The Purple Rose of Cairo  

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Train wreck at Montparnasse (October 22, 1895) by Studio Lévy and Sons.
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Train wreck at Montparnasse (October 22, 1895) by Studio Lévy and Sons.

The Purple Rose of Cairo is a 1985 American comedy-drama film written and directed by Woody Allen. Inspired by Sherlock, Jr., Hellzapoppin', and Pirandello's Six Characters in Search of an Author, it is the tale of a film character who leaves a fictional film of the same name and enters the real world.

Contents

Plot

Set in New Jersey during the Great Depression, the film tells the story of Cecilia (Mia Farrow), a clumsy waitress who goes to the movies to escape her bleak life and loveless, abusive marriage to Monk (Danny Aiello), whom she has attempted to leave on numerous occasions.

The latest film Cecilia sees is a fictitious RKO Radio Pictures film, The Purple Rose of Cairo. It is the story of a rich Manhattan playwright (Edward Herrmann) who goes on an exotic vacation to Egypt with companions Jason (John Wood) and Rita (Deborah Rush). While in Egypt, the three meet archaeologist Tom Baxter (Jeff Daniels). Tom is brought back for a "madcap Manhattan weekend" where he falls head-over-heels for Kitty Haynes (Karen Akers), a chanteuse at the Copacabana.

After Cecilia sits through the film several times, Tom, noticing her, breaks the fourth wall, and emerges from the black-and-white screen into the colorful real world on the other side of the cinema's screen. He tells Cecilia that he is attracted to her after noticing her watching him so many times, and she takes him around her New Jersey town. Later, he takes her into the film and they have a great evening on the town within the film. The two fall in love. But the character's defection from the film has caused some problems. In other copies of the film, others have tried to exit the screen. The producer of the film learns that Tom has left the film, and he flies cross-country to New Jersey with actor Gil Shepherd (also played by Jeff Daniels). This sets up an unusual love triangle involving Tom, Gil and Cecilia. Cecilia must choose between them and she decides to choose the real person of Gil rather than the fantasy figure of Tom. She gives up the chance to return with Tom to his world, choosing to stay with Gil and have a 'real' life. She breaks up with her husband.

But Gil's professions of love for Cecilia were false—he wooed her only to get Tom to return to the movie and thereby save Gil's Hollywood career. Gil abandons Cecilia and is seen quietly racked with guilt on his flight back to Hollywood. Having been left without a lover, job or home, Cecilia ends up immersing herself in the frothy escapism of Hollywood once again, sitting in a theater watching Fred Astaire and Ginger Rogers dancing to "Cheek-to-Cheek" in the film Top Hat, forgetting her dire situation and losing herself in the film.

Cast

Michael Keaton was originally cast as Tom Baxter/Gil Shepherd, as Allen was a fan of his work. Allen later felt that Keaton, who took a pay cut to work with the director, was too contemporary and hard to accept in the period role. The two amicably parted ways after ten days of filming and Daniels replaced Keaton in the role.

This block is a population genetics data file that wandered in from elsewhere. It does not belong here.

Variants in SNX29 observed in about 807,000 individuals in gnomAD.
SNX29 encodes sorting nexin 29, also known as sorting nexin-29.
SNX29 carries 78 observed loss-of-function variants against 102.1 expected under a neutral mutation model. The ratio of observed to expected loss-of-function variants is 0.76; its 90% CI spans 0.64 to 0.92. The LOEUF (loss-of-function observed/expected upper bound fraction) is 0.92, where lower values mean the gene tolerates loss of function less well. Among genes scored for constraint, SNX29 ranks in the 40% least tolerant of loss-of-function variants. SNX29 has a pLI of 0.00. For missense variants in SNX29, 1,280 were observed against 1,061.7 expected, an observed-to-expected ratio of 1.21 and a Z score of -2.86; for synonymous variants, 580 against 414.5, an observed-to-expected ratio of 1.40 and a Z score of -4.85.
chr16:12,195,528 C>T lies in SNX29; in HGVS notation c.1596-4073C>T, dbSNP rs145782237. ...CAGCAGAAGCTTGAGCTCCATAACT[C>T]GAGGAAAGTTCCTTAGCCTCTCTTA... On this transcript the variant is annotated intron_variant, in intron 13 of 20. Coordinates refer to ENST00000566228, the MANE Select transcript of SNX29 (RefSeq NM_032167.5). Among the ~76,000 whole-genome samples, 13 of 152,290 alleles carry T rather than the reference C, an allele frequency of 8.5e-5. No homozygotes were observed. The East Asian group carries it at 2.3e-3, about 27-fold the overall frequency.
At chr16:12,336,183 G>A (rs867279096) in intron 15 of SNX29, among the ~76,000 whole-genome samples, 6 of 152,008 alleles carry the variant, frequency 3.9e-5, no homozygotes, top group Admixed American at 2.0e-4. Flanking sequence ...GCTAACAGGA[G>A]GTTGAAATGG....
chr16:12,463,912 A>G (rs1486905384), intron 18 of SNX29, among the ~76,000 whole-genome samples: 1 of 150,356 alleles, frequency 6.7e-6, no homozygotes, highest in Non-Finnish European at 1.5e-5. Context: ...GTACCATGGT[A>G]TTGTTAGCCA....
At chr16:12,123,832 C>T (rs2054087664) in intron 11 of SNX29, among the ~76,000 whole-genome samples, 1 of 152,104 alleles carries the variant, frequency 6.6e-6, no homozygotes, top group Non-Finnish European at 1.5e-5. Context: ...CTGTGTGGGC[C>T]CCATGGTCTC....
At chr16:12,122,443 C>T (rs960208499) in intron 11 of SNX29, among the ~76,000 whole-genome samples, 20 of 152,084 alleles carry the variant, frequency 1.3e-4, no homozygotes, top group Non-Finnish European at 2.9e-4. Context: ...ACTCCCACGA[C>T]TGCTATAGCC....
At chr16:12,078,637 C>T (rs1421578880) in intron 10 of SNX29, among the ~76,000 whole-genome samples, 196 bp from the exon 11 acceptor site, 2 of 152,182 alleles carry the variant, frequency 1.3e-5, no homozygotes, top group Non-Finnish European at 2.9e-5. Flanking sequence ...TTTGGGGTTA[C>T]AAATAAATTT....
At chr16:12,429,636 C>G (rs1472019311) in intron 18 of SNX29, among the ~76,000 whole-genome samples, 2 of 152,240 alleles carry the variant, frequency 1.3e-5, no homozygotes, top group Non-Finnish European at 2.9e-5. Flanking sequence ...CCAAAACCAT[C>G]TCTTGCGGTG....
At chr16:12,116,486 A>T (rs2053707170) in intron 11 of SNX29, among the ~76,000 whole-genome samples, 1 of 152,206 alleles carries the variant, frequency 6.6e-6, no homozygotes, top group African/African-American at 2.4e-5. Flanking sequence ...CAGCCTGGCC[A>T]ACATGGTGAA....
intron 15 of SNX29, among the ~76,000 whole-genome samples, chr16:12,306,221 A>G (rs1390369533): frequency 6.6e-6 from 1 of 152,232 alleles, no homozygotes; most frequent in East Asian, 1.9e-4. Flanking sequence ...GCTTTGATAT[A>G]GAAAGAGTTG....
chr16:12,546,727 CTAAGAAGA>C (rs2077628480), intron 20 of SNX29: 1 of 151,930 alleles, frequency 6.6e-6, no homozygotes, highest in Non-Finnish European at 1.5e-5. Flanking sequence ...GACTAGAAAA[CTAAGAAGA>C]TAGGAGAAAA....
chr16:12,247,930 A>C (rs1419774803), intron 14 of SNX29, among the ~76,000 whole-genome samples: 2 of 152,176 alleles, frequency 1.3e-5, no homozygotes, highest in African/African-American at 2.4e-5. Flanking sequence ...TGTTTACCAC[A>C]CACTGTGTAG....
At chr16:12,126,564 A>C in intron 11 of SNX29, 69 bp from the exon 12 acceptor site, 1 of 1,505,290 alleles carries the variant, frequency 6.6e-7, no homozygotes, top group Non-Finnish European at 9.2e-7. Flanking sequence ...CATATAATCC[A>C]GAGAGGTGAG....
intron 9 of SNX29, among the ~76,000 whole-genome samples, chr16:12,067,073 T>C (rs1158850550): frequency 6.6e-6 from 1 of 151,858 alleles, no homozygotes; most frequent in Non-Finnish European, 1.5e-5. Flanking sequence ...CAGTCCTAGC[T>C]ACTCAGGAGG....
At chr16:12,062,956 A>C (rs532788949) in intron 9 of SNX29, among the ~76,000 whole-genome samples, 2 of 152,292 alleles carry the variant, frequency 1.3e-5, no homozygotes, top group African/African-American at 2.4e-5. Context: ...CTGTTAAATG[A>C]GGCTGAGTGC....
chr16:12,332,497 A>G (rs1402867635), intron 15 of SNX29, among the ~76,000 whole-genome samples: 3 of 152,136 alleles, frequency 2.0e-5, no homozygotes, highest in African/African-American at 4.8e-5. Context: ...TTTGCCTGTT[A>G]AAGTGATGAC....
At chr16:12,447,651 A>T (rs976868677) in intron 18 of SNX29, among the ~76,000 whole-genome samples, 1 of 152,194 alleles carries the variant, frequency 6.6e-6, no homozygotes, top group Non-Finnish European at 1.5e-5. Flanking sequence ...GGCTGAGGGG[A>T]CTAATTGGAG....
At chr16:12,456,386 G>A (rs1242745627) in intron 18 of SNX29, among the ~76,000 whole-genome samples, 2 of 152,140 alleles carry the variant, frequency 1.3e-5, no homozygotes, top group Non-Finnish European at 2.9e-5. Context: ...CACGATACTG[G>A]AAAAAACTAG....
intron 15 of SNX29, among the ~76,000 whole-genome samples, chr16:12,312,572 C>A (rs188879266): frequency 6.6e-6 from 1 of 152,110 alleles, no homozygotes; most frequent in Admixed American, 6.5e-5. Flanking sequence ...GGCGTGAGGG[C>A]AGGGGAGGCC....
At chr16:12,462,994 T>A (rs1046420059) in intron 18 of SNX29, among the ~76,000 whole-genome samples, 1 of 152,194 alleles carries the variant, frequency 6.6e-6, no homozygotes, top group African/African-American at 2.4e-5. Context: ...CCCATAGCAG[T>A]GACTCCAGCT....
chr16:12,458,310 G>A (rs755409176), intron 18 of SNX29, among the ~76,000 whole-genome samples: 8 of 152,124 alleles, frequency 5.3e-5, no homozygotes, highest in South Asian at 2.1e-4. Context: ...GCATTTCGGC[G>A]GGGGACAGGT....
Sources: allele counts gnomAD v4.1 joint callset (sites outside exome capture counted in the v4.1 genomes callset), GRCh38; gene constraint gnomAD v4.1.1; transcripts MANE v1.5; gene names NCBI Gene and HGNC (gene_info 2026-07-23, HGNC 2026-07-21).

Filming locations

A number of the scenes featuring Tom and Cecilia are set at the Bertrand Island Amusement Park, which closed just prior to the film's production. It was also filmed at the Raritan Diner in South Amboy, New Jersey. Woody Allen shut down the Kent Theater on Coney Island Avenue in Brooklyn to film The Purple Rose of Cairo there. This is the movie theater in neighborhood he grew up in and undoubtedly spent many hours there as a child and teenager.

Allen's opinion

In a rare public appearance at the National Film Theatre in 2001, Allen listed The Purple Rose of Cairo as one of only a few of his films that ended up being "fairly close to what I wanted to do" when he set out to write it. Allen provided more detail about the film's origins in a comment he made a year earlier, during a press junket for Small Time Crooks:

Purple Rose was a film that I just locked myself in a room [to write].... I wrote it and halfway through it didn't go anywhere and I put it aside. I didn't know what to do. I toyed around with other ideas. Only when the idea hit me, a long time later, that the real actor comes to town and she has to choose between the [screen] actor and the real actor and she chooses the real actor and he dumps her, that was the time it became a real movie. Before that it wasn't. But the whole thing was manufactured.

The film currently holds a 'fresh' 90% positive rating on Rotten Tomatoes, with an average score of 7.8/10.



Unless indicated otherwise, the text in this article is either based on Wikipedia article "The Purple Rose of Cairo" or another language Wikipedia page thereof used under the terms of the GNU Free Documentation License; or on original research by Jahsonic and friends. See Art and Popular Culture's copyright notice.

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